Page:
Sister Borowka, carer for lepers
P.J.Leo, The Jakarta Post, Alor, East Nusa Tenggara
The people of these remote islands affectionately call her Mama Putih (White mama). Mama, because she treats the people like a caring mother, and white because Sister Gisela Borowka hails from Germany and has lighter skin than the local people.
Sister Borowka has become part of the local community since she set foot in East Nusa Tenggara (NTT) in 1963 and started dedicating her life to the lepers and the orphans on Lewoleba, Lembata and Kalabahi districts.
Born in Neisse, in the eastern part of Germany, in August 1934, Borowka has been greatly inspired by the humanitarian work of Damian Yosef de Veuster, a Belgian priest who worked with the lepers in the Society Islands, now Hawaii. Damian died among the people he served on April 25, 1889.
"When I was at the primary school, I loved to read books on Damian Yosef de Damian Damian de Melaatse (Damian, the Leper's Hero). Many children of my age spent a lot of their time reading the book in the library," Borowka told The Jakarta Post.
"The book was really touching. It made me wonder if leprosy still existed. Were lepers still isolated by their communities as Damian said in the book. Had medicines been discovered?
"Then I wanted to follow in Damian's footsteps. I would wake up and wonder if I could do what Damian did while my mind was stuck on the lepers' island of Molokai where Damian spent most of his life."
Borowka worked at a kindergarten as a teaching assistant after high school. In 1952 she continued her studies in Catholicism and went on to do a church internship.
She prayed for a place to serve the poor and her prayers were eventually answered. While she was working in the church library, she stumbled upon an old calendar with pictures of nurses taking care of children in Africa and India.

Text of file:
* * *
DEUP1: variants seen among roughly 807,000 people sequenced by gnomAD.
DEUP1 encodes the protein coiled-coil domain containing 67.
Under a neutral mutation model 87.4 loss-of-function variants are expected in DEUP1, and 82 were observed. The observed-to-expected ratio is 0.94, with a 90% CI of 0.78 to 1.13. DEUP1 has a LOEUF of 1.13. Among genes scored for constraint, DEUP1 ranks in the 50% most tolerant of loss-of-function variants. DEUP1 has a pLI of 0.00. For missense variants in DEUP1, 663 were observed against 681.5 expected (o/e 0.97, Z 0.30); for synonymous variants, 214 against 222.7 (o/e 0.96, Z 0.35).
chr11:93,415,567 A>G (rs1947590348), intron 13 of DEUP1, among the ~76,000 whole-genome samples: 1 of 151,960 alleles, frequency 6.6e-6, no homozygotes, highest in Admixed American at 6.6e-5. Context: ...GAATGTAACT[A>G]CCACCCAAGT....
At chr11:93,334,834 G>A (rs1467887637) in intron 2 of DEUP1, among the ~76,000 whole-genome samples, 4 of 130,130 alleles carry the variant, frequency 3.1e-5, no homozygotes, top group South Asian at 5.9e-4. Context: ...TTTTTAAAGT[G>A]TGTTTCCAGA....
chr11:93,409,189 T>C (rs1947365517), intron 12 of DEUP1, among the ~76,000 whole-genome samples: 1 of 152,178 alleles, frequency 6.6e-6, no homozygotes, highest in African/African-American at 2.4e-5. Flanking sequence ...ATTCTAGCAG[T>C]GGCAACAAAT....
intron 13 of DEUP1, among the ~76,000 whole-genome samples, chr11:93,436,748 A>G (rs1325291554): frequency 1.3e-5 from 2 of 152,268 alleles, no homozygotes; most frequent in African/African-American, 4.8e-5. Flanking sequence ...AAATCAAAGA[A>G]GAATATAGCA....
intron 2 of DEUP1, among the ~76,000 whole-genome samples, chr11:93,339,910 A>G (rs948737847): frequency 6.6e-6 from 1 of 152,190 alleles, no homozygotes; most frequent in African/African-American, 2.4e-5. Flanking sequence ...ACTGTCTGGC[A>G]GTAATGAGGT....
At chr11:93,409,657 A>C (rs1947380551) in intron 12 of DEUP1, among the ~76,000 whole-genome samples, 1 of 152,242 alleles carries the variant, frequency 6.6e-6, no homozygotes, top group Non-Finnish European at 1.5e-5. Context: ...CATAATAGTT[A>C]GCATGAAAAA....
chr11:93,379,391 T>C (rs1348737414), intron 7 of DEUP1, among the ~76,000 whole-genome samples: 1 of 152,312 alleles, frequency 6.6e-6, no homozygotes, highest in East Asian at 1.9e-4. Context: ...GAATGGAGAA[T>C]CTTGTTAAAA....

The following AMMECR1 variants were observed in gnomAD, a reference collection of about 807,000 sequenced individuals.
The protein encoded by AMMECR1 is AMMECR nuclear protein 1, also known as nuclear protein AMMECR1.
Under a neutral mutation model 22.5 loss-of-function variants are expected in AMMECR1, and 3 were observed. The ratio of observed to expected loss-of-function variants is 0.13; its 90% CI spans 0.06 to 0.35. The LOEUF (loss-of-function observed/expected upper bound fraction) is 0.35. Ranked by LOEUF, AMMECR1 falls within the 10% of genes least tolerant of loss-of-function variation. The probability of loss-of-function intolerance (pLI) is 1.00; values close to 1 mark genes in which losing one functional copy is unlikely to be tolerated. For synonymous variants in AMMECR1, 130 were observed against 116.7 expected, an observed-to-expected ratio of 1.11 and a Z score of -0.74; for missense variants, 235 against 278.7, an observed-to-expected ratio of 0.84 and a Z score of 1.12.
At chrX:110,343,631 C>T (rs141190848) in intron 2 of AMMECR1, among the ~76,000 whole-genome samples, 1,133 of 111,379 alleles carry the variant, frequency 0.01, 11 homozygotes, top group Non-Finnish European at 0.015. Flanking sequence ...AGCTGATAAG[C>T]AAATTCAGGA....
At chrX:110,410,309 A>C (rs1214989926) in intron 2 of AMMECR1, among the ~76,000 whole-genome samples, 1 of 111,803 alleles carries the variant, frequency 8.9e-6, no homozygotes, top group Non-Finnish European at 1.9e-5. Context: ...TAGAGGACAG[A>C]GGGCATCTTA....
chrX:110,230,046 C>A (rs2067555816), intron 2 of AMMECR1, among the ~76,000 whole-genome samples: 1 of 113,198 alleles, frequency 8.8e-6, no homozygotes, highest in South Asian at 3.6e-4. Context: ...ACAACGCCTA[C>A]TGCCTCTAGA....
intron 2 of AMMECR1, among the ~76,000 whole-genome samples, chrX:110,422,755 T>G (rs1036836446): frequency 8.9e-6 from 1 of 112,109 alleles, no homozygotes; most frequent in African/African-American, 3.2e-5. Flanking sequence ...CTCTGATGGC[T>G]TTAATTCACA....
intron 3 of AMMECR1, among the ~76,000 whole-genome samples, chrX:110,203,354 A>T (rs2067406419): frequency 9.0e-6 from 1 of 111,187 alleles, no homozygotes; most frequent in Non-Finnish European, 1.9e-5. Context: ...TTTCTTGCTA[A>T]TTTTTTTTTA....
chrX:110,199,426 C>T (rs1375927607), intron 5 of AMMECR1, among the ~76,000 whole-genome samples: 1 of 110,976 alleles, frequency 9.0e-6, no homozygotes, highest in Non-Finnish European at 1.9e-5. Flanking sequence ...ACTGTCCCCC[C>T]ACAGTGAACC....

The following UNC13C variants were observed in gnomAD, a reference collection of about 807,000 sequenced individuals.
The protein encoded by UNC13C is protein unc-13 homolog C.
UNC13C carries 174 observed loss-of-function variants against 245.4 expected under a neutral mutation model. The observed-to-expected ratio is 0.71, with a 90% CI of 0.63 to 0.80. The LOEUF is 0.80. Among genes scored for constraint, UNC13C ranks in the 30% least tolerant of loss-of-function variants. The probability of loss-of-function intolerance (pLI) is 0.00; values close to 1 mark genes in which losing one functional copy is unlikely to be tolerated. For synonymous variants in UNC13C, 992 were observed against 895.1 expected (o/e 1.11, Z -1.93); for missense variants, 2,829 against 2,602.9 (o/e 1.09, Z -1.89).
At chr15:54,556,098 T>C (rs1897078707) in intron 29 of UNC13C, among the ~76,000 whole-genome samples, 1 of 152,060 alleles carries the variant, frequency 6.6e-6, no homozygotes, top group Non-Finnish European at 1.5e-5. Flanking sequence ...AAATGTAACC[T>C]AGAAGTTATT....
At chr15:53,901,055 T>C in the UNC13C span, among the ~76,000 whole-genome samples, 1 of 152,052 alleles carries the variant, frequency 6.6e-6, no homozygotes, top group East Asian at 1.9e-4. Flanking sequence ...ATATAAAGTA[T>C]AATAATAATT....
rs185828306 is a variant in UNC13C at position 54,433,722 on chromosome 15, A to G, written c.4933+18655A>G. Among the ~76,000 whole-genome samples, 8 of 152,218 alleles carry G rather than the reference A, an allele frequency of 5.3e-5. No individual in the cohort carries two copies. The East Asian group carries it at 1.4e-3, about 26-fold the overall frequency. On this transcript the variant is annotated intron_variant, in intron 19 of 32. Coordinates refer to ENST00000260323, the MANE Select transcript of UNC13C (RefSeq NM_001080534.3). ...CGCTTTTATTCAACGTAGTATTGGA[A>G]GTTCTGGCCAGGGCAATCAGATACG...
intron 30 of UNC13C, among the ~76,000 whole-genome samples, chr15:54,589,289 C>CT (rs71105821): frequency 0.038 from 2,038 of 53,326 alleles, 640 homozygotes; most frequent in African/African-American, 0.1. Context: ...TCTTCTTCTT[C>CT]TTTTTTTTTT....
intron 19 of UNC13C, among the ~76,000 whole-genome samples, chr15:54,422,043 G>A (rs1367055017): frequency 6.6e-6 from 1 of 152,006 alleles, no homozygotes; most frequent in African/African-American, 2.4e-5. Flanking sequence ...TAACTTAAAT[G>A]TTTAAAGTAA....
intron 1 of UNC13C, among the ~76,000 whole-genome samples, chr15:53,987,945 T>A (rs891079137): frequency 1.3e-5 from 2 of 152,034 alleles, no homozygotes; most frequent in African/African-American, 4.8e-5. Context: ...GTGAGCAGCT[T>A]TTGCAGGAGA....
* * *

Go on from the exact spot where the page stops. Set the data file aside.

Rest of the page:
Then she learned of Missionsaerztliche Klinik, a hospital in the then West German town of Wuezburg which ran a nursing school and sent its alumni to Asia and Africa.
"But the problem was that I lived in East Germany and could not go to West Germany," she said.
Again, God answered her prayers. In 1954, she became a member of a delegation to participate in a congress in Fulda, West Germany, and used the opportunity to visit Missionsaerztliche Klinik. She was delighted that she was admitted to study there.
To get clearance, she told the police and the church that she would go on a holiday "for a few weeks" in West Germany. She also had to keep the truth from her parents or the strict East German authorities could foil her plans.
It was in Missionsaerztliche Klinik that she met an Indonesian nun, Sister Isabella Diaz Gonzales, who had been there for six months to study the German language and medicine.
"Isabella told me a lot about Indonesia and about the many lepers excommunicated from their communities, the same as the lepers in Molokai experienced 100 years before," Borowka said.
Isabella's stories opened up her mind and they were a dream come true: A leper caregiver telling her own experience.
"Then Isabella and I vowed to work together in serving the lepers in Indonesia some day," Borowka said.
After finishing her studies, she worked for a private hospital just outside Wuezberg, while Isabella continued her studies.
One day, Isabella sent her a letter telling her of an organization called Deutsches Aussaetzigen-Hgilfswerk (German Leprosy Relief Association), which had just been formed in Wuezburg. Its mission was to help lepers in Ethiopia.
Borowka joined the organization and left for Africa in 1958. Her assignment was to take care of 500 lepers and their families who had been moved to the jungle by their communities in Bisidimo district.
After three years in Ethiopia, she returned to West Germany to honor her promise of working in Indonesia with Sister Isabella.
Borowka left for Indonesia on June 1, 1963 on a Dutch freight ship Leverkusen from Amsterdam to Surabaya before she continued her journey to East Nusa Tenggara.
She arrived at Lewoleba port, East Nusa Tenggara, on Aug. 28, 1963 and was reunited with Isabella.
"What we vowed a long time previously had finally become a reality. Then we went to a house. Isabella woke everyone up. In the dark, I shook hands with them.
"I realized that the hosts were the lepers: The hands that I grabbed had no fingers or the remaining fingers were crooked. Their hands were cold."
The lepers called Isabella "Mama hitam" (black mama) and Borowka "Mama putih" (white mama.)
The humanitarian work of Borowka, now living on Alor island, and Isabella, now living in Lewoleba, has been a success story.
Now that leprosy is no longer prevalent in East Nusa Tenggara, Borowka, who became an Indonesian citizen in 1996, has shifted her focus to orphans. She has established Damian Orphanage in Kalabahi, Alor Island, named after the pastor of her inspiration.